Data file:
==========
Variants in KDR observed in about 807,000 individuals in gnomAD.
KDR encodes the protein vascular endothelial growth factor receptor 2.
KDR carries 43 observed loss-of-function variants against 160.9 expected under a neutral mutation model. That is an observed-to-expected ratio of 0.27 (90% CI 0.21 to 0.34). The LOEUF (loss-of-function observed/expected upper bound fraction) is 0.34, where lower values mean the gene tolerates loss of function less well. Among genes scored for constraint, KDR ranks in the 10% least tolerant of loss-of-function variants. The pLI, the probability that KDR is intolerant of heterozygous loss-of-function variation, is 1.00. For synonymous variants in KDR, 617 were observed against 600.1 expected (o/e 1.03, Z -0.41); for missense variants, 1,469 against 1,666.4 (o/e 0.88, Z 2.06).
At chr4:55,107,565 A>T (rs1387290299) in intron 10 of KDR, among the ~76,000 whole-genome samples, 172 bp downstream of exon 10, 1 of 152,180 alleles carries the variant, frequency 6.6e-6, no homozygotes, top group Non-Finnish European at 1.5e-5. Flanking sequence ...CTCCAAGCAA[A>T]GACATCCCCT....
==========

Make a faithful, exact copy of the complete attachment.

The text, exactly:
Variants in KDR observed in about 807,000 individuals in gnomAD.
KDR encodes the protein vascular endothelial growth factor receptor 2.
KDR carries 43 observed loss-of-function variants against 160.9 expected under a neutral mutation model. That is an observed-to-expected ratio of 0.27 (90% CI 0.21 to 0.34). The LOEUF (loss-of-function observed/expected upper bound fraction) is 0.34, where lower values mean the gene tolerates loss of function less well. Among genes scored for constraint, KDR ranks in the 10% least tolerant of loss-of-function variants. The pLI, the probability that KDR is intolerant of heterozygous loss-of-function variation, is 1.00. For synonymous variants in KDR, 617 were observed against 600.1 expected (o/e 1.03, Z -0.41); for missense variants, 1,469 against 1,666.4 (o/e 0.88, Z 2.06).
At chr4:55,107,565 A>T (rs1387290299) in intron 10 of KDR, among the ~76,000 whole-genome samples, 172 bp downstream of exon 10, 1 of 152,180 alleles carries the variant, frequency 6.6e-6, no homozygotes, top group Non-Finnish European at 1.5e-5. Flanking sequence ...CTCCAAGCAA[A>T]GACATCCCCT....